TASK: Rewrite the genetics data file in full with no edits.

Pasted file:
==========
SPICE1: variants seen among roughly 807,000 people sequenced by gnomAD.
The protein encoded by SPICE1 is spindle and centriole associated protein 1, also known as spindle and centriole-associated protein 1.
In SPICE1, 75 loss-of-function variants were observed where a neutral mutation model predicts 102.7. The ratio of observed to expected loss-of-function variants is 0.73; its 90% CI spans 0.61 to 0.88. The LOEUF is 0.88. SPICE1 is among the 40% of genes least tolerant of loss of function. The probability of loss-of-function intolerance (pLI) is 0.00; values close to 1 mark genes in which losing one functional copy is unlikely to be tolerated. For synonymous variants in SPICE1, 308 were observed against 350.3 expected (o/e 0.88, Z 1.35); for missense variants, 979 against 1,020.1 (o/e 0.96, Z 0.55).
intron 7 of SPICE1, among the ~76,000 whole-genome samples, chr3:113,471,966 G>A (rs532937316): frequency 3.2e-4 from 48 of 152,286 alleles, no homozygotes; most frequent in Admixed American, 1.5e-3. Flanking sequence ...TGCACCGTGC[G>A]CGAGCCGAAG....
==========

SPICE1: variants seen among roughly 807,000 people sequenced by gnomAD.
The protein encoded by SPICE1 is spindle and centriole associated protein 1, also known as spindle and centriole-associated protein 1.
In SPICE1, 75 loss-of-function variants were observed where a neutral mutation model predicts 102.7. The ratio of observed to expected loss-of-function variants is 0.73; its 90% CI spans 0.61 to 0.88. The LOEUF is 0.88. SPICE1 is among the 40% of genes least tolerant of loss of function. The probability of loss-of-function intolerance (pLI) is 0.00; values close to 1 mark genes in which losing one functional copy is unlikely to be tolerated. For synonymous variants in SPICE1, 308 were observed against 350.3 expected (o/e 0.88, Z 1.35); for missense variants, 979 against 1,020.1 (o/e 0.96, Z 0.55).
intron 7 of SPICE1, among the ~76,000 whole-genome samples, chr3:113,471,966 G>A (rs532937316): frequency 3.2e-4 from 48 of 152,286 alleles, no homozygotes; most frequent in Admixed American, 1.5e-3. Flanking sequence ...TGCACCGTGC[G>A]CGAGCCGAAG....